Digging for truth among the dinosaur bones
Documentary ‘Dinosaur 13’ tells the remarkable story of the biggest T rex fossil ever found, and how one fossil hunter, Peter Larson, and his family were caught in the jaws of a legal row that ended in prison
Fossil fueled: Kristin Donnan Standard, Peter Larson and Dinosaur 13 director Todd Douglas Miller
Big dig: Peter Larson and his team uncovering the skull in 1990
A dino named Sue: the 12.3m-long Tyrannosaurus rex specimen as it now stands in the Field Museum of Natural History in Chicago. Photograph: Dallas Krentzel. Wikipedia.
Never mind those super-beings in leotards or those cars that turn into robots, the most admirable movie hero of the summer might just be a softly spoken, sexagenarian palaeontologist from South Dakota.
Todd Douglas Miller’s Dinosaur 13, among the year’s very best documentaries, tells how, in 1990, Peter Larson and his team from the Black Hills Institute unearthed an unusually well-preserved Tyrannosaurus rex specimen on Native American land. We watch as the fossil hunters locate claws, ribs and a damaged skull. Named Sue, after Sue Hendrickson, one of Larson’s colleagues, the beast turned out to be the most complete T rex fossil yet found.
This ought to have been an almighty triumph for Larson and his family. Having collected fossils since childhood, the clan had long dreamed of locating this class of signature find.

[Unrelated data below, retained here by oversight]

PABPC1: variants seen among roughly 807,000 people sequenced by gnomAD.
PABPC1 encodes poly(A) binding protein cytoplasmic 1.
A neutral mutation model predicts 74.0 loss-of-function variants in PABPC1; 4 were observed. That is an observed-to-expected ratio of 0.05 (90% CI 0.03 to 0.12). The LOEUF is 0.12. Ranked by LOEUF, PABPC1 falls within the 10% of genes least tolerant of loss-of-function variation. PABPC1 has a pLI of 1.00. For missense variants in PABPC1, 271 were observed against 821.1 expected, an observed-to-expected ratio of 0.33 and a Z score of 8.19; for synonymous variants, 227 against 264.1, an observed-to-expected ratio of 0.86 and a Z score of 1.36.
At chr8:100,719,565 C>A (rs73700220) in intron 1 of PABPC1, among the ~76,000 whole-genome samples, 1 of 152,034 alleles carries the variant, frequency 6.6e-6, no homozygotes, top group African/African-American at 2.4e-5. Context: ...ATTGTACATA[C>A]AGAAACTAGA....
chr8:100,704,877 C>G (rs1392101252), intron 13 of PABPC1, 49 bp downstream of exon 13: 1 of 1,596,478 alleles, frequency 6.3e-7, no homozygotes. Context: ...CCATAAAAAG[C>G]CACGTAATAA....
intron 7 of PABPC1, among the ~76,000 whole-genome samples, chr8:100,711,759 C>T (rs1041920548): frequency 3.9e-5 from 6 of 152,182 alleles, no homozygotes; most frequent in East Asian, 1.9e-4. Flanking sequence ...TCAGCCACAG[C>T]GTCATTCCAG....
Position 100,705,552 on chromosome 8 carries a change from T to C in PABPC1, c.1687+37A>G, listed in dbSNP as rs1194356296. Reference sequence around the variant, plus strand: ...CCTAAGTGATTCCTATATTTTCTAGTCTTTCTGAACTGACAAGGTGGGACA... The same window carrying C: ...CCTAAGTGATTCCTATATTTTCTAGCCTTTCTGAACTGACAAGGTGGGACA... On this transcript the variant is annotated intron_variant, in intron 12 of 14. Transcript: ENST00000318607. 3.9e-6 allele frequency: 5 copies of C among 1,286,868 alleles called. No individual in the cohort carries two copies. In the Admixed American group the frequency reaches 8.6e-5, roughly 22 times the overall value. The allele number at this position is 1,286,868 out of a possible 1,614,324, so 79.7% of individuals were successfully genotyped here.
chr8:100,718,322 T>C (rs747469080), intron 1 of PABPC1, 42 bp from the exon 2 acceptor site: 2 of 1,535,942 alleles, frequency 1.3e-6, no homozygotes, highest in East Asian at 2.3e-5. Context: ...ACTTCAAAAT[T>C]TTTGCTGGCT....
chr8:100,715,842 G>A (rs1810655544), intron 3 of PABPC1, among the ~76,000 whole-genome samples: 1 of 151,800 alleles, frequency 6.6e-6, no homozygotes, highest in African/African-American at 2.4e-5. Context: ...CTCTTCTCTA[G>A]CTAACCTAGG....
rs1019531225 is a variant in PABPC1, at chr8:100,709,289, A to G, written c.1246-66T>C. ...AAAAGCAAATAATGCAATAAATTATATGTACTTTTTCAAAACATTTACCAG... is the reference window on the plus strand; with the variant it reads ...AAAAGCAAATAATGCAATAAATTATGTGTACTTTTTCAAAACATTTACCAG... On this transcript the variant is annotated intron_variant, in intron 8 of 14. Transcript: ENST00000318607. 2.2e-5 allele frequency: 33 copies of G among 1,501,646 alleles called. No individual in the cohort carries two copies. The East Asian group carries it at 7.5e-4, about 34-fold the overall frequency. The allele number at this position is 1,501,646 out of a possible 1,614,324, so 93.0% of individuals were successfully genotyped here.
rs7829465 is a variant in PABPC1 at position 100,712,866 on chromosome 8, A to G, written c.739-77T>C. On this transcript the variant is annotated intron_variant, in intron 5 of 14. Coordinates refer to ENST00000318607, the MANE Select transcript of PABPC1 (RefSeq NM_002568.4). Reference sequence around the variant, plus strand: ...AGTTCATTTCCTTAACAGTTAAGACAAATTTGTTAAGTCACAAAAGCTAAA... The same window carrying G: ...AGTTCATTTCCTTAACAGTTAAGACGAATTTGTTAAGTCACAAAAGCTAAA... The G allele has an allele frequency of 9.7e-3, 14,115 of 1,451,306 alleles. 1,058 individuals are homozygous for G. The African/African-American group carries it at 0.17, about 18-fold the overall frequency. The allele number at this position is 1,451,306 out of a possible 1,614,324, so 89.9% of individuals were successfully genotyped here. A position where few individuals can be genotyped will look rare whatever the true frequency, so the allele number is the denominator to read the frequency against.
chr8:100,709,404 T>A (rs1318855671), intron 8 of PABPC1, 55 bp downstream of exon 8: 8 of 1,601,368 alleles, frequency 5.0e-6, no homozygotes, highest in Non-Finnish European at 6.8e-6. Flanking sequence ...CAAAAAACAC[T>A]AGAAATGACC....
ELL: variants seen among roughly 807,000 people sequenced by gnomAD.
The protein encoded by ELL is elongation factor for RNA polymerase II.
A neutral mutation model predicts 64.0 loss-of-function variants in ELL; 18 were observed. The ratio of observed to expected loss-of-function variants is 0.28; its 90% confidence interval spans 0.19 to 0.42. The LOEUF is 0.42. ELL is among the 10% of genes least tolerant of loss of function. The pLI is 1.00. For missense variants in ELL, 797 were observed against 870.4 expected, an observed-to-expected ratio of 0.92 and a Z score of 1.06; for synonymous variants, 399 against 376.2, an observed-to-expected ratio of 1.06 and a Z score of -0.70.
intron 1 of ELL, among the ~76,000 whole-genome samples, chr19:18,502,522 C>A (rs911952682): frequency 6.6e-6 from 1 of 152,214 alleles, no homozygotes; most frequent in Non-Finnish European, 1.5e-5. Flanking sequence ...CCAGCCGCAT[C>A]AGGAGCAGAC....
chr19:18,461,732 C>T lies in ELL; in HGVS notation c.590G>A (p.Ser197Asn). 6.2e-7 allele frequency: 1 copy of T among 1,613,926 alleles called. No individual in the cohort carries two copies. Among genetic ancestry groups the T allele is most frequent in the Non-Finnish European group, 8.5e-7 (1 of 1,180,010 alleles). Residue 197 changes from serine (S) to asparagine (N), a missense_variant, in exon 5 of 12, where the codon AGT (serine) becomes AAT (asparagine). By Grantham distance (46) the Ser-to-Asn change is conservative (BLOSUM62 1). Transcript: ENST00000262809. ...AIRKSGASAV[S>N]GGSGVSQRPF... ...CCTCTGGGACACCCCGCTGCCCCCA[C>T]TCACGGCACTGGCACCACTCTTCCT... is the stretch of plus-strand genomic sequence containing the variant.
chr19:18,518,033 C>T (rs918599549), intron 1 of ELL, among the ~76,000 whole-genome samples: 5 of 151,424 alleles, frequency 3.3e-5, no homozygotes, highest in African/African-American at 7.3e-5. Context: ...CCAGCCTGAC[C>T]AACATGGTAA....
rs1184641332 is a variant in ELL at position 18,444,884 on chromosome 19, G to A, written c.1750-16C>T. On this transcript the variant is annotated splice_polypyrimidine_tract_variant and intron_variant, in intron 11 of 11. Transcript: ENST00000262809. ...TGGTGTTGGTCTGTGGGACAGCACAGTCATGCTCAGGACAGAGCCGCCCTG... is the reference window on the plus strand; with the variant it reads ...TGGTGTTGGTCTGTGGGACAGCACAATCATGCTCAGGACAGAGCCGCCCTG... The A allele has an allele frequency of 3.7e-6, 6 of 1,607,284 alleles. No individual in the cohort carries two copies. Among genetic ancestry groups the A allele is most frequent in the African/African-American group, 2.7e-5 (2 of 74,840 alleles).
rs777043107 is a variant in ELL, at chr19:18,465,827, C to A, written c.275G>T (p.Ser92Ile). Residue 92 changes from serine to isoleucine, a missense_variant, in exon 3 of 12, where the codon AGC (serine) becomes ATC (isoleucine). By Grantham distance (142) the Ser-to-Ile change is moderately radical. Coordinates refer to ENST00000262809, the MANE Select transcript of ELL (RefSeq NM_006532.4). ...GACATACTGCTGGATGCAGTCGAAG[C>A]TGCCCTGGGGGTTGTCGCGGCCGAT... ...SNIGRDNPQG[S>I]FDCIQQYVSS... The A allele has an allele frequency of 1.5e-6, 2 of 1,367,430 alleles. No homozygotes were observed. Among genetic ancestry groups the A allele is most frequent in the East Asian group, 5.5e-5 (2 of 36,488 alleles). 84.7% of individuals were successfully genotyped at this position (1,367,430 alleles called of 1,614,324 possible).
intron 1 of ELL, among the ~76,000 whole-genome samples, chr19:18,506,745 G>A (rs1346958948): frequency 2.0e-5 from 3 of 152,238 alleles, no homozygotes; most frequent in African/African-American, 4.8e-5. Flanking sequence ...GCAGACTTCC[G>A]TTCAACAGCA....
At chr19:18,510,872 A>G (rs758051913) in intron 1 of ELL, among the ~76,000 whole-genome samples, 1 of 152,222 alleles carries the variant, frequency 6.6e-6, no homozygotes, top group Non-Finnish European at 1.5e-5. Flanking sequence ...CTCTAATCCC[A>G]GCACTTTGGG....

“It was her completeness,” Larson says. “She’s a living entity for me. She’s not a pile of bones. And there’s something very special about her. There’s a lot of things she has already taught us. And there are still so many secrets located in those bones. There’s something really special about your first love.”
Sadly, the story rapidly turned into a potage of tragedy and farce. The FBI and the National Guard descended upon the institute and hauled off the huge fossilised remains. Larson and his team, despite having paid the apparent land owner $5,000, were charged with unlawfully removing property from government property. A bizarre, lengthy witch-hunt continued and Larson eventually found himself serving two years in prison for relatively minor offences not actually related to the T rex find.
“One measure of success is how many enemies you have,” he says with little apparent bitterness. “Finding Sue was kind of the last straw. But had we not found her and excavated her she’d be lying in that cliff and, with the speed at which that material is receding, the pelvis would be gone and the front of her skull would be gone now too.”
The DA vs the palaeontologists
The film makes a convincing argument that Larson and his friends got caught in an unfortunate pincer movement between two distinct antagonists: an ambitious district attorney on the way up; and academic palaeontologists who resent independent, commercially funded enterprises such as the Black Hills Institute.
“There were definitely some people involved in this story that were not good people,” Larson says. “I recognise that and I feel sorry for them. They feel they have to impose themselves on other people because it’s what makes them. It’s to do with money or power.”
The film is very much on Larson’s side. Still, it is hard to imagine any scenario in which the Black Hills crew could be seen as villains. They love their work. None of them becomes particularly wealthy as a result. After devoting hours of work and spending millions of federal dollars, the worst crimes the state could come up with amounted to errors in paperwork and travellers’ cheques. Yet Larson remains bafflingly jolly and impressively forgiving about the whole experience.